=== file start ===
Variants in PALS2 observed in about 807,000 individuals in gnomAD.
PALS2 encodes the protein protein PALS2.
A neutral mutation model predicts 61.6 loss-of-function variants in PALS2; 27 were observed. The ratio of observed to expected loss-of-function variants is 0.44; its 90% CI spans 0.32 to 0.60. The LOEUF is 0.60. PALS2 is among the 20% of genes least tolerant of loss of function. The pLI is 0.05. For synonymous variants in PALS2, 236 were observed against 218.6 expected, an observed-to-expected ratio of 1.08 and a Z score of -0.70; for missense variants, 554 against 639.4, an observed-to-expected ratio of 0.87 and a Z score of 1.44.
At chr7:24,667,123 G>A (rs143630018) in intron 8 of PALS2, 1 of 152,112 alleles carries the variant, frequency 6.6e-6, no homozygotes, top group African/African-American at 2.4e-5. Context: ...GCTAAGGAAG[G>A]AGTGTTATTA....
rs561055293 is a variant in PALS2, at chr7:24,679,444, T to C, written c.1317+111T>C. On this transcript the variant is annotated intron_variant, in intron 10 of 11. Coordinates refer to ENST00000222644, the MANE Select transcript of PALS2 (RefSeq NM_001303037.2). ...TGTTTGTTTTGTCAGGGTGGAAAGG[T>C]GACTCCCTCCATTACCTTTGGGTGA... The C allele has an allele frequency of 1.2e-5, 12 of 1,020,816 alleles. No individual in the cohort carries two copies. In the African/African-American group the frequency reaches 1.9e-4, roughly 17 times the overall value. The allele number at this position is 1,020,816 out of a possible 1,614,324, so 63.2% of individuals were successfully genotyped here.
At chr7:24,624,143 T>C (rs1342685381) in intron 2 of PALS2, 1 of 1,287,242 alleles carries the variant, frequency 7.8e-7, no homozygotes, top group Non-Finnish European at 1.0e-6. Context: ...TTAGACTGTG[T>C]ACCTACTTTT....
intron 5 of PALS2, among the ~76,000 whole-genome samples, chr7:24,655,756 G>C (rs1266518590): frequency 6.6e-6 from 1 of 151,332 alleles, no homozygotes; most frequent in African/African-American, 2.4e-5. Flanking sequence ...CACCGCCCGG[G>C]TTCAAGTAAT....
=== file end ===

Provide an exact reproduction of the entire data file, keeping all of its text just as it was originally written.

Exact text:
Variants in PALS2 observed in about 807,000 individuals in gnomAD.
PALS2 encodes the protein protein PALS2.
A neutral mutation model predicts 61.6 loss-of-function variants in PALS2; 27 were observed. The ratio of observed to expected loss-of-function variants is 0.44; its 90% CI spans 0.32 to 0.60. The LOEUF is 0.60. PALS2 is among the 20% of genes least tolerant of loss of function. The pLI is 0.05. For synonymous variants in PALS2, 236 were observed against 218.6 expected, an observed-to-expected ratio of 1.08 and a Z score of -0.70; for missense variants, 554 against 639.4, an observed-to-expected ratio of 0.87 and a Z score of 1.44.
At chr7:24,667,123 G>A (rs143630018) in intron 8 of PALS2, 1 of 152,112 alleles carries the variant, frequency 6.6e-6, no homozygotes, top group African/African-American at 2.4e-5. Context: ...GCTAAGGAAG[G>A]AGTGTTATTA....
rs561055293 is a variant in PALS2, at chr7:24,679,444, T to C, written c.1317+111T>C. On this transcript the variant is annotated intron_variant, in intron 10 of 11. Coordinates refer to ENST00000222644, the MANE Select transcript of PALS2 (RefSeq NM_001303037.2). ...TGTTTGTTTTGTCAGGGTGGAAAGG[T>C]GACTCCCTCCATTACCTTTGGGTGA... The C allele has an allele frequency of 1.2e-5, 12 of 1,020,816 alleles. No individual in the cohort carries two copies. In the African/African-American group the frequency reaches 1.9e-4, roughly 17 times the overall value. The allele number at this position is 1,020,816 out of a possible 1,614,324, so 63.2% of individuals were successfully genotyped here.
At chr7:24,624,143 T>C (rs1342685381) in intron 2 of PALS2, 1 of 1,287,242 alleles carries the variant, frequency 7.8e-7, no homozygotes, top group Non-Finnish European at 1.0e-6. Context: ...TTAGACTGTG[T>C]ACCTACTTTT....
intron 5 of PALS2, among the ~76,000 whole-genome samples, chr7:24,655,756 G>C (rs1266518590): frequency 6.6e-6 from 1 of 151,332 alleles, no homozygotes; most frequent in African/African-American, 2.4e-5. Flanking sequence ...CACCGCCCGG[G>C]TTCAAGTAAT....